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I ran into the following very difficult interview question:

Consider Queue Data Structure with three operations:

- Add into the front of list (be careful front of list)

- Delete from Tail of the list (end of the list)

- Extract Min (remove)

The best implementation of this data structure has amortized time:

A) three operation at O(1)

B) three operation at O(log n)

C) add and delete in O(1) and Extract-min in O(log n)

D) add and delete in O(log n) and Extract-min in O(n)

After the interview I saw that (C) is the correct answer. Why is this the case?

The first challenge is comparing the options: which option is better than the others and how we can understand the final correct option?

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  • @TomerShetah how you can sure there exist data structure with option (C)? and simple logic.
    – user14875422
    Jan 20, 2021 at 17:59
  • Well, you would have a pointer to the head and another one to the tail of the list. When you want to add or delete you would have complexity O(1), because you already have the pointer to the head/tail, so you would not have to do any operations (at least none that would have complexity higher than O(1)). When extracting you would make a copy of the list and order it using a quick sort, which has the complexity O(log n), thus giving you the correct answer, letter C) Jan 25, 2021 at 11:25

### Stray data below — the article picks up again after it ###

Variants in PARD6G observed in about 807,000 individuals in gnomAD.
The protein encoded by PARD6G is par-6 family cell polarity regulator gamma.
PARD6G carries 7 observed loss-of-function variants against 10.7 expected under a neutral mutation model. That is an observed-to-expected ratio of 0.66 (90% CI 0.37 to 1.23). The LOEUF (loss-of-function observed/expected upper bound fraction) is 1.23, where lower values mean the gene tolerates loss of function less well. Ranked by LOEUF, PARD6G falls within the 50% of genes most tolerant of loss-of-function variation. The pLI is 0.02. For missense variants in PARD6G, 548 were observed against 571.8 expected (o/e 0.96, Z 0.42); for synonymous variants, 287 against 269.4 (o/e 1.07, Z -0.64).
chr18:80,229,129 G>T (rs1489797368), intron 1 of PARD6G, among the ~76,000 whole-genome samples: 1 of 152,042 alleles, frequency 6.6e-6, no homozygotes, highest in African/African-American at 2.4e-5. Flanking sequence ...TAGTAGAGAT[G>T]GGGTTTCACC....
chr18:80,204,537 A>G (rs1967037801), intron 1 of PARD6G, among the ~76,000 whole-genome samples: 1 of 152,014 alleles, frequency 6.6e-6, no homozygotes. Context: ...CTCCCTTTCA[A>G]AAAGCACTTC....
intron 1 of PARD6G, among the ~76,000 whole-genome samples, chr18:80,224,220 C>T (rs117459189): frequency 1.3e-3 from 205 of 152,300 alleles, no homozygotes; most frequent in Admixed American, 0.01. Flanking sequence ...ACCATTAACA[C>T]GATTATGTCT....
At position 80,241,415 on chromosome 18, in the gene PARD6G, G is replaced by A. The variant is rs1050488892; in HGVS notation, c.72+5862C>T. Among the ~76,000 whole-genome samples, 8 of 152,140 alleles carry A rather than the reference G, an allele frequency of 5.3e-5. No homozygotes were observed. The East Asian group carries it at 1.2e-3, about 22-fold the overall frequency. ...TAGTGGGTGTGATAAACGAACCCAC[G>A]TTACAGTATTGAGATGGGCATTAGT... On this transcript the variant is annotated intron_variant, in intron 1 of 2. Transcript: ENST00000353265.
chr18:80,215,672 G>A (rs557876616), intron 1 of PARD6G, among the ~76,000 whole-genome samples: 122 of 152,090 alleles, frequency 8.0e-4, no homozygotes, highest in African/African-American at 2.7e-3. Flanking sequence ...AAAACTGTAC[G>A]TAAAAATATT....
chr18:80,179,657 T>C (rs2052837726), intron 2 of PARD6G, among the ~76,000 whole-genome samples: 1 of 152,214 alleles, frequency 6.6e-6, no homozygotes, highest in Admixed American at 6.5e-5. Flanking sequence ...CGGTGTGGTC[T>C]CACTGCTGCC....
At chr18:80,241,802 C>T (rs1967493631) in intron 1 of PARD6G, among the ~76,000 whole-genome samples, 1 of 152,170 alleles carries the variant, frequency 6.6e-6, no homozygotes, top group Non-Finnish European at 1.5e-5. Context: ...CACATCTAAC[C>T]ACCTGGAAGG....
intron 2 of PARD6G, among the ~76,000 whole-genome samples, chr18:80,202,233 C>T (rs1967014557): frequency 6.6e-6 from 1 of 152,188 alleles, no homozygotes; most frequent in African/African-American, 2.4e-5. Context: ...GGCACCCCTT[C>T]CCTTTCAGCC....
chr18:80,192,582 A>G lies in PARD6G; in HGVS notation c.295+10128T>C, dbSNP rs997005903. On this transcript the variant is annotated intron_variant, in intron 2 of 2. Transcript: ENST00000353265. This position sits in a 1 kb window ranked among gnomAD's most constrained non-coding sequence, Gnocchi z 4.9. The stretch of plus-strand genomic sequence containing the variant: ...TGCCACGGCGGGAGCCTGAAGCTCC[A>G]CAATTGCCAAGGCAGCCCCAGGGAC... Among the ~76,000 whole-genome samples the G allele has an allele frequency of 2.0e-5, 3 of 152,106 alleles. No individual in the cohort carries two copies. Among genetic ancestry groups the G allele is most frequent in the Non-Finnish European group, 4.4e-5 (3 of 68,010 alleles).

• Since this is about amortized time then I think that a data structure that consists of a tree for ordered elements (needs some pointers to keep the initial order) and an array for newly added/removed elements, and the elements from the array are moved to the tree on each call to extract-min (in other words update the tree), should satisfy the answer C.
    – Sopel
    Jan 31, 2021 at 10:28

5 Answers 5

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Of the given running times, A is faster than C is faster than B is faster than D.

A is impossible in a comparison-based data structure (the unstated norm here) because it would violate the known Ω(n log n)-time lower bound for comparison sorts by allowing a linear-time sorting algorithm that inserts n elements and then extracts the min n times.

C can be accomplished using an augmented finger tree. Finger trees support queue-like push and pop in amortized constant time, and it's possible to augment each node with the minimum in its sub-tree. To extract the min, we use the augmentations to find the minimum value in the tree, which will be at depth O(log n). Then we extract this minimum by issuing two splits and an append, all of which run in amortized time O(log n).

Another possibility is to represent the sequence as a splay tree whose nodes are augmented by subtree min. Push and pop are O(1) amortized by the dynamic finger theorem.

Fibonacci heaps do not accomplish the same time bound without further examination because deletes cost Θ(log n) amortized regardless of whether the deleted element is the min.

Since C is feasible, there is no need to consider B or D.


Given the limitations on the data structure, we actually don't need the full power of finger trees. The C++ below works by maintaining a list of winner trees, where each tree has size a power of two (ignoring deletion, which we can implement as soft delete without blowing up the amortized running time). The sizes of the trees increase and then decrease, and there are O(log n) of them. This gives the flavor of finger trees with a much lesser implementation headache.